Cubs

Bret Curtis: Glenbard South's version of Butkus

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Bret Curtis: Glenbard South's version of Butkus

Bret Curtis wears No. 51. Some high school athletes wear Nos. 23 or 34 or 77 or 18 or 32 because famous professionals wore them. If you have to be told that Dick Butkus once wore No. 51, you have never played football.

Curtis has been wearing that number since second grade.

"When I was playing with the Lombard Falcons youth football team, my dad showed me who Butkus was and I saw him on film. I wanted to be like him," said Glenbard South's 6-foot-2, 215-pound senior middle linebacker. "I used to be a defensive end but the coach moved me to linebacker as a sophomore. He thought I had athletic ability. I liked defensive end but I like linebacker more because I have more control over the game."

Like Butkus did.

Curtis is the Metro Suburban Conference's defensive player of the year. He is Glenbard South's leading tackler. He has recorded 11 sacks. He has interest from Illinois, LSU, South Carolina, Toledo, Northern Illinois, Illinois State and Western Illinois. As a senior, he has straight A's in Advanced Placement (AP) courses. He wants to study aerospace engineering.

"He isn't a blue chipper," coach Jeremy Cordell said. "But he is a special kid, our leader, our catalyst. He works hard. He is very aggressive. The way he flies around the ball gets other kids excited."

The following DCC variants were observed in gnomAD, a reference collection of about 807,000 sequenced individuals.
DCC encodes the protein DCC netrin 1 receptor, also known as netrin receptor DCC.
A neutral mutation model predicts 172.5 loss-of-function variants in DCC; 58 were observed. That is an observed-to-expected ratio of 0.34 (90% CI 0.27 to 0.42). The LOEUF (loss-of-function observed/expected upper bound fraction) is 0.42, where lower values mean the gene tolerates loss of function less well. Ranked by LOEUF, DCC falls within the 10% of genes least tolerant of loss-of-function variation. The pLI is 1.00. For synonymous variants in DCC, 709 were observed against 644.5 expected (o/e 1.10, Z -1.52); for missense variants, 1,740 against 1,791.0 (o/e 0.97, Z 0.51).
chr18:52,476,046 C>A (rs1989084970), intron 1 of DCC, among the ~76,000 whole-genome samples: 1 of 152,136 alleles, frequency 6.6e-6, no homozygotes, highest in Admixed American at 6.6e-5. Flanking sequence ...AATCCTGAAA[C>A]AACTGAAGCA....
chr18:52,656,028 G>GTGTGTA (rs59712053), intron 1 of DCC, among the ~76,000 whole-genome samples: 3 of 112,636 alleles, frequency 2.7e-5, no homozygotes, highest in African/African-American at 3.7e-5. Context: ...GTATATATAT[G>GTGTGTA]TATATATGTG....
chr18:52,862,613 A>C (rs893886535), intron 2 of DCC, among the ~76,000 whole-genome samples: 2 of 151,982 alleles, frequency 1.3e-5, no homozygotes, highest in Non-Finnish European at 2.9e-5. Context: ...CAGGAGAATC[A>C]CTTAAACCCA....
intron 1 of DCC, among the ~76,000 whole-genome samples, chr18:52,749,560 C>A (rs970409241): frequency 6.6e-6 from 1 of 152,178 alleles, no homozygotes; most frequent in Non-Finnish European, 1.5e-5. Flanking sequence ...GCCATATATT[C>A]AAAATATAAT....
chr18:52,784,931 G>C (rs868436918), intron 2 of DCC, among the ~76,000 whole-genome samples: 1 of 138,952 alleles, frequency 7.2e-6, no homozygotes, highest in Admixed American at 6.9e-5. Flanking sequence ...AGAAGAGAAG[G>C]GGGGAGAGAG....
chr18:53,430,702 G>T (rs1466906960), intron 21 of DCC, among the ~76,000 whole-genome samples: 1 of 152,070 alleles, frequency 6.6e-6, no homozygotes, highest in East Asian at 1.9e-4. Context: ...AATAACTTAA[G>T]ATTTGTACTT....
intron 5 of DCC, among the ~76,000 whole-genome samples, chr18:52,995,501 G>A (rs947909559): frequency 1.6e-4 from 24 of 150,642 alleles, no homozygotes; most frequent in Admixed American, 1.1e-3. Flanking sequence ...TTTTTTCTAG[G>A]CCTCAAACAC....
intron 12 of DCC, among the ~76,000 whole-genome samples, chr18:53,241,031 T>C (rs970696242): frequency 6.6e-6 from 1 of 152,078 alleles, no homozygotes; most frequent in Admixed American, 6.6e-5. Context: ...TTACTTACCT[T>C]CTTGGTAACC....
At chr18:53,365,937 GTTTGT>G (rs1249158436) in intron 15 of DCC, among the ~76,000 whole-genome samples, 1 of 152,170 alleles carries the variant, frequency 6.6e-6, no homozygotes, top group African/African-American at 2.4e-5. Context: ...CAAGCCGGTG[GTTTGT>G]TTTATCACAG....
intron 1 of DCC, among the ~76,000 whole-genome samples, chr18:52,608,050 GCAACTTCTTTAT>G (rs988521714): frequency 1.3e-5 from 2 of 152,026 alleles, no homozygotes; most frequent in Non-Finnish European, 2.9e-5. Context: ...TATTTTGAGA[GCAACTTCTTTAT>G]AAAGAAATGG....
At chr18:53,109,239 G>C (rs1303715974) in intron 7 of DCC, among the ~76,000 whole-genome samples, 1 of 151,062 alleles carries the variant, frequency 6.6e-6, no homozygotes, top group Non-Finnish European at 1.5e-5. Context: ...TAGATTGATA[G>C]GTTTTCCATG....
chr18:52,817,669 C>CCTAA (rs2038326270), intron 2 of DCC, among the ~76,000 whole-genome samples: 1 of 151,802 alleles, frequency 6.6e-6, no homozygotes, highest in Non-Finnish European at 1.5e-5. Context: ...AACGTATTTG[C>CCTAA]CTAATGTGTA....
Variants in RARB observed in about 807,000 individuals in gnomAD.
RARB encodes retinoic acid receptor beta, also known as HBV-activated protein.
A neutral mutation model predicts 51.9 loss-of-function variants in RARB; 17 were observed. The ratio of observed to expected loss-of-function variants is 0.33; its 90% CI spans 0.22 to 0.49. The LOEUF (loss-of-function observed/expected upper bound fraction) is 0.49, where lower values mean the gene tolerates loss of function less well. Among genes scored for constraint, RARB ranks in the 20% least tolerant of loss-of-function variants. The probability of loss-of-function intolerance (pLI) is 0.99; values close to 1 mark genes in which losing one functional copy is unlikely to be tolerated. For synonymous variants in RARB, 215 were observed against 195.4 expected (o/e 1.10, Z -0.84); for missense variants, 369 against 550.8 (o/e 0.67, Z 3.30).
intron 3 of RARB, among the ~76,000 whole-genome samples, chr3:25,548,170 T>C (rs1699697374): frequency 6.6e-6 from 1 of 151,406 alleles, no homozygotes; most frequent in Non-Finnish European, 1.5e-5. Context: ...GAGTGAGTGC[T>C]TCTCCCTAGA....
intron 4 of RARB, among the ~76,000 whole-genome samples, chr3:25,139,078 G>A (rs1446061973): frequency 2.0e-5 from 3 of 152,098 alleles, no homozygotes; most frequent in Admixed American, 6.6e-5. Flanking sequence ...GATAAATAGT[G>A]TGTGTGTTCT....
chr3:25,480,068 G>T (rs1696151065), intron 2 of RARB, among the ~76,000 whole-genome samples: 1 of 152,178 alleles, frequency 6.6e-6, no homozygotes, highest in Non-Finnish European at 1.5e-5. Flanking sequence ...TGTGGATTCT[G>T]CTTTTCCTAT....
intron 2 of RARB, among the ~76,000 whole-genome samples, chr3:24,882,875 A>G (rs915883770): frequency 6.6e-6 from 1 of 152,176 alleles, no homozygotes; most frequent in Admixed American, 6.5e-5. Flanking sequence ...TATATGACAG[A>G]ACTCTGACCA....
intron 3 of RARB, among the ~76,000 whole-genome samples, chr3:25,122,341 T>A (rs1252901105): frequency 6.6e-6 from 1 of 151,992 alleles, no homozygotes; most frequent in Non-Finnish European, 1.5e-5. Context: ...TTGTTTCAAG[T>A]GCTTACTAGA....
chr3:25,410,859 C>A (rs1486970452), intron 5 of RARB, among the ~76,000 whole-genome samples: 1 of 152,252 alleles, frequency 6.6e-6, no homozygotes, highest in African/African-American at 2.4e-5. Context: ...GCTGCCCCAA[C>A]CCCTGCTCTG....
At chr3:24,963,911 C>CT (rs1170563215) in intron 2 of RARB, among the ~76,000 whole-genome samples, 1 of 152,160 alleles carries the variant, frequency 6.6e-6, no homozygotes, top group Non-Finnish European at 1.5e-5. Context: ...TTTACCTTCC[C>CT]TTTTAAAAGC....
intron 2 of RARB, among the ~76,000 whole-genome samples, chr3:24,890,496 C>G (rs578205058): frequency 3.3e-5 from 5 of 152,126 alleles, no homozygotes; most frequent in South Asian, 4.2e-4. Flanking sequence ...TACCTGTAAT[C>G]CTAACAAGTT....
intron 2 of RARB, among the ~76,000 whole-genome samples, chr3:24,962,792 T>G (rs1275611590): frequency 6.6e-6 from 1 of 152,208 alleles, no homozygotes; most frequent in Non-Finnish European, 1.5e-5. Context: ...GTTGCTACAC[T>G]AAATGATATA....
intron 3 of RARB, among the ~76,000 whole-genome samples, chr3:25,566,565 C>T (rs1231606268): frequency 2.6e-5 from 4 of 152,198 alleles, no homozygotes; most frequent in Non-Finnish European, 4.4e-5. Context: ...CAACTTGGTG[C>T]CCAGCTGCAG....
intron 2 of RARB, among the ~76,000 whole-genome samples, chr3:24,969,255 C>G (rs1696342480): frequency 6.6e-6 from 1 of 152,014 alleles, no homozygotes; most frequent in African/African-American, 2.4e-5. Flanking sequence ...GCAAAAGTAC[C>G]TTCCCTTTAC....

Curtis' message to college recruiters? "I'm not looking for a Division I school or a chance to play in the NFL. I just want to play in college. I'm probably not the best athlete and I'm probably not that fast. But I'm a good pass rusher. I can hit, I like to get dirty, I'm good at stopping the run and I love the game. I'm just a football player," he said.

In his third year, Cordell has built a competitive program at the Glen Ellyn school. Last year's team was 2-3 and finished 7-4, losing to Class 6A champion Prairie Ridge in the second round of the playoff. This year's team also started 2-3 but has rallied to win its last four games in a row.

In last Friday's 41-28 victory at Rock Island, quarterback Alex Jeske completed 8 of 13 passes for 122 yards and running backs Justin Gjerazi and Zach Smith each rushed for 117 yards and one touchdown. Sophomore linebacker Jack Curtis returned an interception for a touchdown.

"It was an exciting 2 12-hour bus trip home from Rock Island," Cordell said. "We beat a state-ranked team and we won convincingly in all three phases of the game. We're starting to get in a playoff mode."

On the way home, the coaches and players tried to figure out who their first-round opponent would be. They thought they would play Lake Forest. But the Raiders will meet St. Patrick at Hanson Stadium on Saturday night in the opening round of the Class 6A playoff.